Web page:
Text: Frederick W. Thomas to Edgar Allan Poe — August 30, 1841


Washington, August 30th, 1841.

My Dear Poe, — I have been indisposed for some time, which prevented my writing to you, as I had nothing to communicate, and the exercise of my pen was painful.

I wrote you that I saw Kennedy and that he expressed his willingness to aid you in any way in his power. Sure I have conversed with the President’s sons about you — they think the president will be able and willing to give you a situation, but they say, and I felt the truth of the remark before it was made, that at the present crisis when everything is “hurlyburly “ it would be of no avail to apply to him. He is much perplexed, as you may suppose amidst the conflicting parties, the anticipated cabinet break up, etc.

As soon as times get a little more quiet I will wait on the President myself and write you of the interview. Your cryptography makes quite a talk here. Hampton tells me he had quite a demand for your August number containing it. I send you enclosed a letter from my friend Frailey on the matter of his communication. The enclosed secret writing in figures is from Chief Clerk of the Treasury, a gentlemanly, clever fellow. It is totally unlike the cryptography you speak of, but he handed it to me, with the remark that you could not make the remotest guess of what it meant. Of that I am satisfied myself — for the idea is as foreign to the plan you discuss as can be. He requested me to send it to you, saying that it was impossible for you to surmise anything about it — and I send it to you satisfied of the truth of his remark. I fear I bore you on the subject-but really you have no idea of the talk it makes here.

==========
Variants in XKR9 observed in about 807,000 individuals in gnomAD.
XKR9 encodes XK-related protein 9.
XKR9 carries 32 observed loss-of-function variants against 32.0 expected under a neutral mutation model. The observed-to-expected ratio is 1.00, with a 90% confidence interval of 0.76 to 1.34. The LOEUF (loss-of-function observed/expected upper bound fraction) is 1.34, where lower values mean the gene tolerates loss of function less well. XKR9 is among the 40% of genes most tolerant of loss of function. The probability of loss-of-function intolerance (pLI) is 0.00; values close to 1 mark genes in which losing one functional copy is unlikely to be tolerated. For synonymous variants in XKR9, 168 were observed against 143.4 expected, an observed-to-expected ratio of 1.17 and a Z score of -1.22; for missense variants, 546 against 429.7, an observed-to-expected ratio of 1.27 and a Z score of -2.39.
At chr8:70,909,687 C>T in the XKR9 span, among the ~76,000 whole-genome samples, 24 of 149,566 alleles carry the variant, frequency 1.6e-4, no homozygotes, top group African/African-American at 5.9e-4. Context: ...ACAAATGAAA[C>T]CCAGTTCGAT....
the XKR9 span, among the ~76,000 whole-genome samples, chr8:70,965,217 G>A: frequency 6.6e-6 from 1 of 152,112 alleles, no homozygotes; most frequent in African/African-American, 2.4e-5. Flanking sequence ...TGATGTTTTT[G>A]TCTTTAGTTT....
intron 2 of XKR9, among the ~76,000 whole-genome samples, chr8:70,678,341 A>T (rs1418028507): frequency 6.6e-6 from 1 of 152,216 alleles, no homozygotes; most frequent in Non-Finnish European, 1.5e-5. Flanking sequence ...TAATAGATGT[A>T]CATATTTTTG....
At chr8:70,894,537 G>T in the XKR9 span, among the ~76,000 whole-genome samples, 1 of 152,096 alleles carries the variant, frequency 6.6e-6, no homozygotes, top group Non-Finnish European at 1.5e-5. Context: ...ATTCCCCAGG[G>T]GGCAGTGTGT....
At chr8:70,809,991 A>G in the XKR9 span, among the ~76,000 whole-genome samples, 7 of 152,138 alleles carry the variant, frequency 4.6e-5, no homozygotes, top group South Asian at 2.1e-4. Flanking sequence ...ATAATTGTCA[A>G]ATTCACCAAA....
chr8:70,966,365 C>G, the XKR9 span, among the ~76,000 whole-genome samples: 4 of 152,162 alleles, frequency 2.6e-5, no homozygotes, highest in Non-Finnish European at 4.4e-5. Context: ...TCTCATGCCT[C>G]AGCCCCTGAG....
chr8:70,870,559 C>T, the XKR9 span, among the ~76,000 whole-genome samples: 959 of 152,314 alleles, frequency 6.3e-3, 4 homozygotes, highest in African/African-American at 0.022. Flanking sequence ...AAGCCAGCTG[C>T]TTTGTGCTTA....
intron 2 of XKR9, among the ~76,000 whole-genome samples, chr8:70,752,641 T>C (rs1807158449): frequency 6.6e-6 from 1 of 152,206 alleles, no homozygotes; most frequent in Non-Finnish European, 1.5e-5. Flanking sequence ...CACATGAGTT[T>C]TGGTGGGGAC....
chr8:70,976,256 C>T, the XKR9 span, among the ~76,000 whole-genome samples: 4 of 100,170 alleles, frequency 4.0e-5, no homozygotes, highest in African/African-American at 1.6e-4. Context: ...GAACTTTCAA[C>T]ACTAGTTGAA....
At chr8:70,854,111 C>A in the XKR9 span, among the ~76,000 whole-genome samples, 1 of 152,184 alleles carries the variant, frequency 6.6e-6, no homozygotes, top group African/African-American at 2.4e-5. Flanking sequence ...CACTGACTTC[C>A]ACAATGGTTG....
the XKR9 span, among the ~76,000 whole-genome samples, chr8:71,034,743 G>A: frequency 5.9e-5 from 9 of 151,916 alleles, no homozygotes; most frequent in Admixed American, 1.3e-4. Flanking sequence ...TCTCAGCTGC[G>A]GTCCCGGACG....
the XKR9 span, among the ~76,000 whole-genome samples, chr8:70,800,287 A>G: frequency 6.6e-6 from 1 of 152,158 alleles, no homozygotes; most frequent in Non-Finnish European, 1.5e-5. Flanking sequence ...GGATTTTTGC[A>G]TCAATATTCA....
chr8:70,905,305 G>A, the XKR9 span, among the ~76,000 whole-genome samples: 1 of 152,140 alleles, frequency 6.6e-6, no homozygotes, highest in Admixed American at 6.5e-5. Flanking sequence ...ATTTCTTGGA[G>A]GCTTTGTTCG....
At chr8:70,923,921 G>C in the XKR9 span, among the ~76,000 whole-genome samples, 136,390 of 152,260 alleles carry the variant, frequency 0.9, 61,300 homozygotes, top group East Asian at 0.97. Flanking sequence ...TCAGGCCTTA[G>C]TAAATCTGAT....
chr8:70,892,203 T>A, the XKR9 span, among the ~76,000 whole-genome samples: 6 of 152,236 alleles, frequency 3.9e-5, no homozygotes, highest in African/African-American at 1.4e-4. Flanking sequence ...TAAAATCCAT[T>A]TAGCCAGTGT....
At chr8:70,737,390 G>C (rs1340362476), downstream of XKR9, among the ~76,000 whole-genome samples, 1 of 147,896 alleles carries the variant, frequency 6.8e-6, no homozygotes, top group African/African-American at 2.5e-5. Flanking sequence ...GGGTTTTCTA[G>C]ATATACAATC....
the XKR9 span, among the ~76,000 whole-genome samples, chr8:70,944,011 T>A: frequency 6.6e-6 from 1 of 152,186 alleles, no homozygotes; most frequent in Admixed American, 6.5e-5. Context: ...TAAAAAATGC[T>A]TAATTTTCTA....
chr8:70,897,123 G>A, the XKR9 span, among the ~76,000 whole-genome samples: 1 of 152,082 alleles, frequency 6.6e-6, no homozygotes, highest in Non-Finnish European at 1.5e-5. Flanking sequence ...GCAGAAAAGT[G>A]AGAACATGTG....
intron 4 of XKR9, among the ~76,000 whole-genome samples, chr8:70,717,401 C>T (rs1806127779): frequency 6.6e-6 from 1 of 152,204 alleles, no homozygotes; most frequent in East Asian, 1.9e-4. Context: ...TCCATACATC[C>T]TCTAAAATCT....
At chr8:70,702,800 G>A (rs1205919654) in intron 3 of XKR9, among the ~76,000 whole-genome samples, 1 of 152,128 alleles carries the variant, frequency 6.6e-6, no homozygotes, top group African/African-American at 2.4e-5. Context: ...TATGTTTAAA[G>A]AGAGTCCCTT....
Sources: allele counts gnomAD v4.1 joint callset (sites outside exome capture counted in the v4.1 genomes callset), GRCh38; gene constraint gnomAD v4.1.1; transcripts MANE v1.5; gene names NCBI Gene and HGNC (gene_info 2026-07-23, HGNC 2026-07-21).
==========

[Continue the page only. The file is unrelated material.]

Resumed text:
I wish that you would send me by return mail the August and July numbers of your magazine. I am particularly anxious to have them forthwith. Don’t fail me in this point.

Poe, let me hear from you as soon as you get this, write me a long letter and tell me how literature flourishes in the brotherly city. My respects to your wife and mother.

Your friend,
F. W. Thomas.


This is Mr. Young’s — the chief clerk’s secret writing — of course as it has not the remotest analogy with your proposed cryptography — we do not expect you to decypher it — but can you surmise anything about it — that’s the point.

F. W. T.

Write me as soon as you get this and send me the Magazine — don’t fail me.

Poe, I have a song that has been set to a very pretty tune, by a gentleman here. I would like to have it published, and will give it to any music publisher who would undertake it. Can you manage it for me? My song of “absence” sold remarkably well — and I think this would sell as well. Will you make some inquiry with regard to the publishing it for me and oblige your friend

F. W. Thomas.



Mr. Young was McClintock Young (see Poe in Philadelphia, p. 256).


[S:0 - MS, 18xx] - Edgar Allan Poe Society of Baltimore - Misc - Letters - F. W. Thomas to Poe (RCL323)